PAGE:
April 3rd, 2019
“All art is a kind of confession, more or less oblique. All artists, if they are to survive, are forced, at last, to tell the whole story; to vomit the anguish up.” – James Baldwin
Since the anniversary of Them and Us on Monday, I’ve been rereading my work. There are many themes throughout the two books, but the one big theme that the entire story is about is the idea of control. People who are in it, people who want it, people who are controlled and people who have lost it.
The theme isn’t groundbreaking, but as I’m walking through this world again, it’s the context of the piece that makes it shine a whole lot brighter for me now.
See, five or six years ago, when I wrote these words, I was very much a terrified person who was out of control. And the only way I knew how to deal with it was through art. I couldn’t face my reality, so I used my words to try to make sense of the displacement and fear and the shame I was always feeling; to put my finger on the lack of control that gave me horrible anxiety and amplified every bad feeling and thought that I couldn’t turn off.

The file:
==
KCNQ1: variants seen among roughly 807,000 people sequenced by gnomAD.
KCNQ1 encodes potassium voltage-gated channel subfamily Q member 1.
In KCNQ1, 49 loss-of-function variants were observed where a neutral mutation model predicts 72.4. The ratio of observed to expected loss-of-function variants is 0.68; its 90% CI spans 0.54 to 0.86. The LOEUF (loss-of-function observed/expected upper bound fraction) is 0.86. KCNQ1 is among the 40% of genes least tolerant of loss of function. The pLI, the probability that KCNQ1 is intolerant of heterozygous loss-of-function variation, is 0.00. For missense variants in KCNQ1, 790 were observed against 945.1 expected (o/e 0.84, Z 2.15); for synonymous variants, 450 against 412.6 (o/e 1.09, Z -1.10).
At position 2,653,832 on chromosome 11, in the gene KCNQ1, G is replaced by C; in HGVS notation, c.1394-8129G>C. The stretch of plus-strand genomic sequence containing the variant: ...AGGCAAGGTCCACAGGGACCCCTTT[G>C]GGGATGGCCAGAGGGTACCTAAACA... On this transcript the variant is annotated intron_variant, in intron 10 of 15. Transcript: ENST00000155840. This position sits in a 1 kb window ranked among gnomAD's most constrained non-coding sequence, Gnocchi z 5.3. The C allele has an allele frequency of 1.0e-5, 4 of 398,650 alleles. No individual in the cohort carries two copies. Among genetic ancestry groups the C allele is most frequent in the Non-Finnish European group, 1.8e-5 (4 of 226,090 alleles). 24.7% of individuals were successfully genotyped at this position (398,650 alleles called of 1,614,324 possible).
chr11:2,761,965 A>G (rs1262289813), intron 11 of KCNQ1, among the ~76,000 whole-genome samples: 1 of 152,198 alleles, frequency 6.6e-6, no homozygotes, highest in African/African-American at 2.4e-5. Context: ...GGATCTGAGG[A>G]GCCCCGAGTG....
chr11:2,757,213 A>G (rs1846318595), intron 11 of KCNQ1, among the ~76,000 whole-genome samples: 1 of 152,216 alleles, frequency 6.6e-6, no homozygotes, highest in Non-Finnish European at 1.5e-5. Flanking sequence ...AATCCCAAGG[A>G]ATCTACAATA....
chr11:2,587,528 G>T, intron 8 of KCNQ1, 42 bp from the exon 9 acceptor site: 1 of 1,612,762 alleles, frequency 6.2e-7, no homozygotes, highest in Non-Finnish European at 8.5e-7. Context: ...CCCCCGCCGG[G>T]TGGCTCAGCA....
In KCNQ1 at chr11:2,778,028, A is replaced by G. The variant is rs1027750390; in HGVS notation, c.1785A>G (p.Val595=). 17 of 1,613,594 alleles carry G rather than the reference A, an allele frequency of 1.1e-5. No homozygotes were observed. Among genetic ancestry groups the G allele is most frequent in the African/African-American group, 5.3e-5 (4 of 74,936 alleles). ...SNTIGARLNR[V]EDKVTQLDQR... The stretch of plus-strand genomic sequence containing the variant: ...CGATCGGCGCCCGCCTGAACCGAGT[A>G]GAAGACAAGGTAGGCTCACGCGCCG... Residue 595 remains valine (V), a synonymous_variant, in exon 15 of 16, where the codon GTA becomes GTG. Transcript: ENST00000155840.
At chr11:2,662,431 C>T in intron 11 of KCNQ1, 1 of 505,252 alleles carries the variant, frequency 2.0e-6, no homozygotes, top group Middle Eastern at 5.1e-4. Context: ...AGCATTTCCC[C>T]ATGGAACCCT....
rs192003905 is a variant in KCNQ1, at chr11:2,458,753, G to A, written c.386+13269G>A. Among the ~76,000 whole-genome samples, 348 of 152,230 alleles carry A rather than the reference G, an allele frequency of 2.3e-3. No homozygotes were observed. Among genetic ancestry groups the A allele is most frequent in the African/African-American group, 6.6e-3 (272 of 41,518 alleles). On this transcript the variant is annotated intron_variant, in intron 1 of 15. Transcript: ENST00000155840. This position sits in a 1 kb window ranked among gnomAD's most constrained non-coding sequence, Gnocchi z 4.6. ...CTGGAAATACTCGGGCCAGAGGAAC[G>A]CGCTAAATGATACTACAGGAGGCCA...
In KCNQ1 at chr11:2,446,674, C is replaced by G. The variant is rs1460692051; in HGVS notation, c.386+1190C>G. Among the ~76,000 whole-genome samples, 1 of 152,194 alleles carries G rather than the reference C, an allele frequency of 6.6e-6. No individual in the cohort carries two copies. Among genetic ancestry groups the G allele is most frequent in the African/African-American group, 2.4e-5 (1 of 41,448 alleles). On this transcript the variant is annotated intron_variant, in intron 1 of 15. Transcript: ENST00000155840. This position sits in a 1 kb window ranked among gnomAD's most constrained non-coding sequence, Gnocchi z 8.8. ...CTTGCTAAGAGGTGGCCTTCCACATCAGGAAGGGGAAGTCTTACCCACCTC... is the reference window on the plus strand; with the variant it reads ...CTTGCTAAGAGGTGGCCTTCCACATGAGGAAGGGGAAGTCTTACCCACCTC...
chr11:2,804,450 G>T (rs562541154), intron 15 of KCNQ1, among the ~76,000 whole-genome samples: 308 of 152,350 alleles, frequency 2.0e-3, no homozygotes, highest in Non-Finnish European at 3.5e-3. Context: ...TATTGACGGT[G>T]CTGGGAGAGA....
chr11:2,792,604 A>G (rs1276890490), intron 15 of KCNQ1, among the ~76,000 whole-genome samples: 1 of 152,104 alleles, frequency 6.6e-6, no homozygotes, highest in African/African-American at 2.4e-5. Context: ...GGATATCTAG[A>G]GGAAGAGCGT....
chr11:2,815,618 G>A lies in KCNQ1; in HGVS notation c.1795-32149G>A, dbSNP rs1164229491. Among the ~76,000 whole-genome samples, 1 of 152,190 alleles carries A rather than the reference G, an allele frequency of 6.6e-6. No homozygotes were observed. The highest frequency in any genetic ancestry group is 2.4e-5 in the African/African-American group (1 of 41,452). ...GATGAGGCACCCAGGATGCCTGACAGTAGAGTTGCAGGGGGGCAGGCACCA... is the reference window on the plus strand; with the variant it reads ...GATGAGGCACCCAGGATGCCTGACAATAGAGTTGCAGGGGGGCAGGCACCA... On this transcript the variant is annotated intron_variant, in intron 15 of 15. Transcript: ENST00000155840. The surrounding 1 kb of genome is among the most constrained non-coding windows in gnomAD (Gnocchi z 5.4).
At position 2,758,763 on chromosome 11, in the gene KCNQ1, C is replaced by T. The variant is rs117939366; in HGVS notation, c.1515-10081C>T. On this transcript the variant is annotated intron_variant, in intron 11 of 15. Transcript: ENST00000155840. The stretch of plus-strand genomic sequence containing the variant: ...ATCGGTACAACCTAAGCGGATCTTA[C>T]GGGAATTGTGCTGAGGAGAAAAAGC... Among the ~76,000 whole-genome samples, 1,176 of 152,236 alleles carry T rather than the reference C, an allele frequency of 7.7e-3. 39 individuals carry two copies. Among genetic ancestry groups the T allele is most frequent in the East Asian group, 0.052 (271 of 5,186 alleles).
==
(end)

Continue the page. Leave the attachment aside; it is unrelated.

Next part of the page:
Art was the only thing that worked in a positive way in my life at the time.
So among the errors and marks and mistakes and the words of a lesser writer are grand ideas and even grander emotions, rooted in a really real truth for me and my soul. It’s less embarassing, and more flawed, and flawed for me now is good and important.
Art is important.
So in a way, these books helped me on a road that saved my life.
And one of my best accomplishments as a writer was coming up with an ending that is either extremely cynical or positively optimistic, depending on your outlook. It could even be both, like it was in my mind.
Anyway, this is just a reminder that everyone has something to say, and what you say is important — if not for anyone else, it’s important for you. Your ideas and thoughts and feelings are art and it’s up to you to put that paint on canvas. Because someone is waiting to hear it.